Amber Waves of Disaster

Every now and again if you brew with regularity something is bound to go wrong or several somethings in this beers case.  As I progress through this blog I think it would be a disservice to not share my beer failures and hopefully what can be learned from them. I give you my worst brew day ever.

A few months ago when the NHC Gold medal recipes were released in Zymurgy Magazine, an American amber recipe that was mainly hopped with Mosaic caught my eye.  I gave it a go and the beer was excellent.  I added some Nelson Sauvin to the late additions and dry hop.  The beer reminded me of Modern Times, Blazing World without the IPA level bitterness.  I did a small batch and the beer was gone quickly leaving me wanting to brew it again.

Fast forward a couple months and Im ready to brew the Amber again.  This time however I planned on moving the beer in the Red IPA direction for competition.  My brew day started the night before when I milled my grains, filled my HLT and measured hops and water additions.  My mash went as planned, I tossed my first wort hops into the kettle and began my fly sparge.  Then I went back inside to get some breakfast together for my boys while my wife slept in.

I generally know where my valves need to be to match my sparking rates but I do like to check in every few minutes at the start of the sparge. This is where my brew day starts to go dramatically wrong.  IMG_6792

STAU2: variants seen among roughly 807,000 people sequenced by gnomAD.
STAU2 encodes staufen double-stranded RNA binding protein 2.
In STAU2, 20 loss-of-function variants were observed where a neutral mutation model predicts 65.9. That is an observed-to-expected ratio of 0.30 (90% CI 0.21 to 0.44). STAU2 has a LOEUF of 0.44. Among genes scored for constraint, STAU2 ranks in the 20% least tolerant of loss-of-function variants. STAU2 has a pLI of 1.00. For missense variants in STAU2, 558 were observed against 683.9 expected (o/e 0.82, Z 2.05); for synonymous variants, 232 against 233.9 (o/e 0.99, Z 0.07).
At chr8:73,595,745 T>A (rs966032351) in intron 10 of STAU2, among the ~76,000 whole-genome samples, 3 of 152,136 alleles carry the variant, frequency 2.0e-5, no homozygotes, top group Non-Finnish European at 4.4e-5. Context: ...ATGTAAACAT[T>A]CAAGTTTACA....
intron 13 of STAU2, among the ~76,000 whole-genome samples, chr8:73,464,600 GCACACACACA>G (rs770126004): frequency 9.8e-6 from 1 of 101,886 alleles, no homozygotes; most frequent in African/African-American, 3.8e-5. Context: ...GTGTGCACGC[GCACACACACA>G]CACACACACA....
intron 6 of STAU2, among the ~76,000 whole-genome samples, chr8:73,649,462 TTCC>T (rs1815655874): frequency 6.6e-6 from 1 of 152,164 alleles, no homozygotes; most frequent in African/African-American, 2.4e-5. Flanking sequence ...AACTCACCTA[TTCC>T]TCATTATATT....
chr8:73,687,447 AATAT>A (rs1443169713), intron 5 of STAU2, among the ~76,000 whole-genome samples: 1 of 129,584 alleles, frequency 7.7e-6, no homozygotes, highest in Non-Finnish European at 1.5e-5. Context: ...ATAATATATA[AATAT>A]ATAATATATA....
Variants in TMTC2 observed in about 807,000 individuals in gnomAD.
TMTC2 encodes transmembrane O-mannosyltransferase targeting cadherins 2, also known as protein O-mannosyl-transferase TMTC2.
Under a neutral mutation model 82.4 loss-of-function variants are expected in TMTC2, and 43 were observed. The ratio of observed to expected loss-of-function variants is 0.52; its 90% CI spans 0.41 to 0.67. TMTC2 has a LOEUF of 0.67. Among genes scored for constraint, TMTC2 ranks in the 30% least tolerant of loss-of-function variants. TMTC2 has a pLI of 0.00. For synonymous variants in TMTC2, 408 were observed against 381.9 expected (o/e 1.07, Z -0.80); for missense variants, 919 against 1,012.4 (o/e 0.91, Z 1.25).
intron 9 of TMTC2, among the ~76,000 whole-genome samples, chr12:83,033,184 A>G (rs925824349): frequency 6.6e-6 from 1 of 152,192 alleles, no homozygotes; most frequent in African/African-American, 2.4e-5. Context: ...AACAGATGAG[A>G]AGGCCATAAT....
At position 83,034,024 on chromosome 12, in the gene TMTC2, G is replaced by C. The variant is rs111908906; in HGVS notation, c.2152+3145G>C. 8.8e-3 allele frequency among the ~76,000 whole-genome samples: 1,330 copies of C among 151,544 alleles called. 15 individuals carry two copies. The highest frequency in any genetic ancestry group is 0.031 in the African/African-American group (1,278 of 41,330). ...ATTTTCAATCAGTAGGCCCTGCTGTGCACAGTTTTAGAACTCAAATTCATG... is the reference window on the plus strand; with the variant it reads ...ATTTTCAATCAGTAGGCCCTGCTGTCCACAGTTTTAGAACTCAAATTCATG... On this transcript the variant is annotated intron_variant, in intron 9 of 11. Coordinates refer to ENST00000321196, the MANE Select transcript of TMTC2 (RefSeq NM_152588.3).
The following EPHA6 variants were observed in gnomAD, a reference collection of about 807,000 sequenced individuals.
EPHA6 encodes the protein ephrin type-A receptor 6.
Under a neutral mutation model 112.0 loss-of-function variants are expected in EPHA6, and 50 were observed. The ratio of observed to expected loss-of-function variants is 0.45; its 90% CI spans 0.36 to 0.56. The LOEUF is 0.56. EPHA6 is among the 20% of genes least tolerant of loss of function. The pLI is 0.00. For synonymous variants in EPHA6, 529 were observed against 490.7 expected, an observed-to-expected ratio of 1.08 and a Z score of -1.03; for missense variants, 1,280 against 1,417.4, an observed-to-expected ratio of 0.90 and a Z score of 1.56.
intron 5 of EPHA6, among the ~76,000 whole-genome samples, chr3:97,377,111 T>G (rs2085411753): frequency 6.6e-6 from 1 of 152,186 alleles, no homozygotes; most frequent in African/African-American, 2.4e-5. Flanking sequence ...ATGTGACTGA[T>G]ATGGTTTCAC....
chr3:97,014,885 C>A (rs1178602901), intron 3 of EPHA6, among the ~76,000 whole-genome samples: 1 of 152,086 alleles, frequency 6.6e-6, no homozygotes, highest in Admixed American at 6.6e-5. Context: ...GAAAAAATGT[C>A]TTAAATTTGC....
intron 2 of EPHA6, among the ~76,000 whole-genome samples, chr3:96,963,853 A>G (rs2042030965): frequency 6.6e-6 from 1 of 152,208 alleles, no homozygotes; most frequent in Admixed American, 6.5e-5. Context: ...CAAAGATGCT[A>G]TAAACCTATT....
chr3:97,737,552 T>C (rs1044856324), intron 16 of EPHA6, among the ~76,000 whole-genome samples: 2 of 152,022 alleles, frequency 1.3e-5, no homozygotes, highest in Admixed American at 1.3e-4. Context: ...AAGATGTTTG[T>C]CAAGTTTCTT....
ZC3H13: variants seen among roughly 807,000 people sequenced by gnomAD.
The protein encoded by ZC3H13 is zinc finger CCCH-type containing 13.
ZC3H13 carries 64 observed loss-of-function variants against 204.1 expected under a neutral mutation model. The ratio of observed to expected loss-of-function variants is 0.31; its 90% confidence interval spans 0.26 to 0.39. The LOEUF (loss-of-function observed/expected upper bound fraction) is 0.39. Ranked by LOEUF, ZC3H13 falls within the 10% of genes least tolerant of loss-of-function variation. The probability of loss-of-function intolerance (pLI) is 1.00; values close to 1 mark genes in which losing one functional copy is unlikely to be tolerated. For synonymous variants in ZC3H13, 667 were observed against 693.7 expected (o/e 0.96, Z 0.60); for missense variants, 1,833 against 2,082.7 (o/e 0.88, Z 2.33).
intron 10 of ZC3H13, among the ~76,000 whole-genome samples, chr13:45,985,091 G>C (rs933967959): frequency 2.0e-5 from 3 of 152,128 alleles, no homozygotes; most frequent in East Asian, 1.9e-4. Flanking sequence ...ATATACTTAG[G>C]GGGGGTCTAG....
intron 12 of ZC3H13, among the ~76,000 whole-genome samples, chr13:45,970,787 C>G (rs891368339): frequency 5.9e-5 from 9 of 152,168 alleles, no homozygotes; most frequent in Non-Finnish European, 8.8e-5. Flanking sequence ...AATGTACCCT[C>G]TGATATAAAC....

I had forgotten to close my boil kettle valve… Thankfully, I had only lost .25 – .5 gallons of wort and it seemed as if there was no hop debris from my FWH in the mess on and under my table. I closed my valve did a quick clean and went back to my boys.

So a minor bummer but no major crisis.  Can you imagine what that would have looked like if the valve was ope 45 minutes instead of 5? I can…

Disaster number 2.  So my boil kettle thermometer sticks around 160° and prior to this day it either hadn’t or I didn’t know.  My morning coffee had done it’s job and I was now ready to well take a break.  With my kettle at 160° I had no concern of a boil over before my work was done.  Did I mention I left the lid on the kettle too?

I have no pictures of the carnage that I witnessed but but just picture 3 gallons of hopped wort dropped from about 6′ onto your floor.  I had to move a quarter of my garage and tear down my whole brew setup in order to clean… and I was left with about 3 gallons of wort with an undeterminable amount of hops left in it.


After an hour and a half of cleaning I decided to just toss some random freezer hops in the remaining wort and see if I could salvage a beer.  When all was said and done after dry hopping I was left with a 1.6 gallon batch from my original intended 6 gallons.

Disaster 3 was more of a dissapointment than disaster I suppose.  After the beer went into the keg it got buried under a couple of others and everytime I thought about pulling it out, the reminder of that terrible brew day and my assumption it would be bad just kept the keg buried.  After 2 and a half months I had kicked the kegs on top of the amber and finally pulled a pint.


It had the taste of a beer that had just passed it’s prime but was obviously quite good about a month earlier.  The cara malts had overtaken the beer from the hops as well as a bit of oxidation.  I was pretty bummed because the beer was likely pretty close to the original that I really enjoyed.

Moral of the story disasters will inevitably happen and sometimes disaster brew days can be salvaged.

Leave a Reply

Fill in your details below or click an icon to log in: Logo

You are commenting using your account. Log Out /  Change )

Facebook photo

You are commenting using your Facebook account. Log Out /  Change )

Connecting to %s

Blog at

Up ↑

%d bloggers like this: